You’ve probably seen some scary posts about Diastasis Recti and Pelvic Floor Dysfunctions associated with pregnancy and postpartum floating around out there on the internet. While these are indeed very scary (and real), there are some techniques you can do to strengthen these muscles so they can function optimally, which can help to minimize these unpleasant, yet common conditions.
Engaging with your core and pelvic floor during pregnancy has been said to benefit in both labor and the healing process postpartum. It’s a good idea to learn how to connect with these muscles during your pregnancy, so you’ll already know how to properly engage with them during your postpartum journey.
After childbirth, your core and pelvic floor have undergone a substantial amount of stress and not to mention transformation! First of all, let me just say that it’s important to remember to give your body some respect and grace. Social media has us believing that you can just “bounce back” after having a baby, and sadly that’s not the case.
So, please don’t expect to see your belly go back to the way it was before your pregnancy, it’s going to take time. Your first few weeks postpartum should be filled with baby cuddles and admiring that precious little life you created (as well as lots of sleepless nights and loads of laundry, but I’m sure you already know that!). And, if you choose, it can also be a time of healing, restoring, and strengthening your core and pelvic floor.
Reengaging with your core and pelvic floor during the first few weeks postpartum will help to restore and strengthen those muscles that are now lax due to pregnancy and childbirth.
The Core Breath is the very first thing you can begin doing after giving birth. It will help to stimulate circulation and nerve growth within your pelvic floor, which can speed up the recovery process!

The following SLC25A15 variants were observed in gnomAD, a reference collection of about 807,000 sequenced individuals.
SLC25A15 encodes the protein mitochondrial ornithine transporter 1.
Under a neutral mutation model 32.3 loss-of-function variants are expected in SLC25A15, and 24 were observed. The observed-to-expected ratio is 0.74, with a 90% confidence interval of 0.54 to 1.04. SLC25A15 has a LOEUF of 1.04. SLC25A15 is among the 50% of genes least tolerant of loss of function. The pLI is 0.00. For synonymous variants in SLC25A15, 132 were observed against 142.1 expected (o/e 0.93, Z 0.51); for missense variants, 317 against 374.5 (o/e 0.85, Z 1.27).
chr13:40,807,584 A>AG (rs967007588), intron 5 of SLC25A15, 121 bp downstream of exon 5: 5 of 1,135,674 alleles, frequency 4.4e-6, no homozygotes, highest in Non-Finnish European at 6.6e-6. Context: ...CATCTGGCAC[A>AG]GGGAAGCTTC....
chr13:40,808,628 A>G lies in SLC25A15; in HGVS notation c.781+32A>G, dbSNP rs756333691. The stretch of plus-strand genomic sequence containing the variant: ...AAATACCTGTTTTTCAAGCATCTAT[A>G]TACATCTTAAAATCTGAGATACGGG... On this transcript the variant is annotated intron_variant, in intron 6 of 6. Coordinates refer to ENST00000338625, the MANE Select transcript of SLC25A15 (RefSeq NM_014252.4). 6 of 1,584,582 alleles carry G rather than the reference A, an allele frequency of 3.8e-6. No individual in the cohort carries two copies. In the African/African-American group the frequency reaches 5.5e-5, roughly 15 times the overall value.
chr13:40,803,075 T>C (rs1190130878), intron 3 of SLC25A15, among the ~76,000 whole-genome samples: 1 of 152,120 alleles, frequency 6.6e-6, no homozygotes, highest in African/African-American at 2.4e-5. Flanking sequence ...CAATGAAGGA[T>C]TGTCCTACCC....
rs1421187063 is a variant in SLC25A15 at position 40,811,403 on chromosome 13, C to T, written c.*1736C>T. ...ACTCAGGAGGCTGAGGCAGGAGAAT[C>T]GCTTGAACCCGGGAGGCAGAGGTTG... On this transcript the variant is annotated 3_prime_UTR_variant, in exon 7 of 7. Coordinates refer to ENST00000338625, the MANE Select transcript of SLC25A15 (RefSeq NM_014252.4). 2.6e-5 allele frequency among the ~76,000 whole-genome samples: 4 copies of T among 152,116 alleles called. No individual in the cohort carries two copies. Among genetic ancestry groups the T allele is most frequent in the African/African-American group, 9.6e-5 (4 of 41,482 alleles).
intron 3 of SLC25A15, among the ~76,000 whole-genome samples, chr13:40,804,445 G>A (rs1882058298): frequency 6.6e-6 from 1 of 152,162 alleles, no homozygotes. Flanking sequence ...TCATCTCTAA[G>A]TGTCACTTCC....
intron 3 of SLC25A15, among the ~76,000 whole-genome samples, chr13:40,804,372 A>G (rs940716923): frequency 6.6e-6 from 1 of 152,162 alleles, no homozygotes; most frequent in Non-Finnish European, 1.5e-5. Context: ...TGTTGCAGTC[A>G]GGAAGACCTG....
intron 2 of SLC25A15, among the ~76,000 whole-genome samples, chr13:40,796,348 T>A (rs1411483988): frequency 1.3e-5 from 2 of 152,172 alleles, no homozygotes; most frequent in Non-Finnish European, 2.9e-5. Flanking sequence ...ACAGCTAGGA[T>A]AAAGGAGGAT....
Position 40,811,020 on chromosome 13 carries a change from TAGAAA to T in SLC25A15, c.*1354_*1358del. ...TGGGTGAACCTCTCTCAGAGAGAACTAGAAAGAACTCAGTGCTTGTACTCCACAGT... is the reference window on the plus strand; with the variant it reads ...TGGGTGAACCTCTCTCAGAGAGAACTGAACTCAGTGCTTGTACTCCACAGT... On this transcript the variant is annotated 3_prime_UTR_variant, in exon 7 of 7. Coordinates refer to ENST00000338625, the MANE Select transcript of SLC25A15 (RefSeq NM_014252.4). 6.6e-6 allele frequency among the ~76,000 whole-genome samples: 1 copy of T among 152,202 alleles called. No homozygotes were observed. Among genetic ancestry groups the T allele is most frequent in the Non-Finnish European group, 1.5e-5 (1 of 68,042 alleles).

The key here is a mind-muscle connection, activating your TVA (Transverse Abdominis – your deepest core muscle) and pelvic floor in coordination with your breathing. Once you’ve learned how to successfully perform the Core Breath, you can start adding it to different movements and exercises.
A strong core is important for anyone and everyone, not just pregnant and postpartum women! Your core is part of the framework that helps your muscles to move synergistically with one another. Without a strong core you can experience symptoms like poor posture, muscle compensation and back pain.
I’m over 7 months postpartum and I still incorporate the core breath and deep core exercises into my workout regimen often!
Follow the steps below to properly perform the core breath!
Place one hand on your ribs and the other on your lower belly
Slowly inhale to expand, breathing into your hands. Relax your core and pelvic floor, feeling your abdomen expand outward and your pelvic floor expanding towards the floor.
Exhale to engage. Exhale through pierced lips, voluntarily engaging & contracting your core and pelvic floor. Imagine slowly lifting up a blueberry with your “lady parts” and wrapping your core in tight to hug your body. These muscles you’re engaging with are your pelvic floor (lifting of the blueberry), and your TVA (wrapping of the core).
Some things to avoid while performing the Core Breath:
Avoid sitting/standing with poor poster – no slouched shoulders or arched backs here! Pretend there is a string attached to the top of your head that runs through your neck and spine. Your head, neck and spine should be in one straight line together.
Avoid breathing in through your chest! Your shoulders and chest shouldn’t be moving, only expanding at your belly and ribs.
After I gave birth here in Austria, I remember my midwife telling me that the first 8 weeks postpartum is the most crucial time to begin reconnecting and restoring your core. After childbirth, start with the core breath once a day for 3-5 minutes. For a vaginal delivery, you might want to try performing the core breath in a side lying position for the first week or until you feel comfortable sitting again. For a cesarean delivery, I would recommend waiting a few days post-delivery, and not inhaling to a point that puts stress on your stitches.
Once you’ve mastered the core breath for about a week or more postpartum, you can slowly (very slowly) begin adding movements to your core breath, such as a clam shell or lying knee drop.
The video below demonstrates how The Core Breath is performed, along with a few movements that you can begin incorporating once you have it mastered.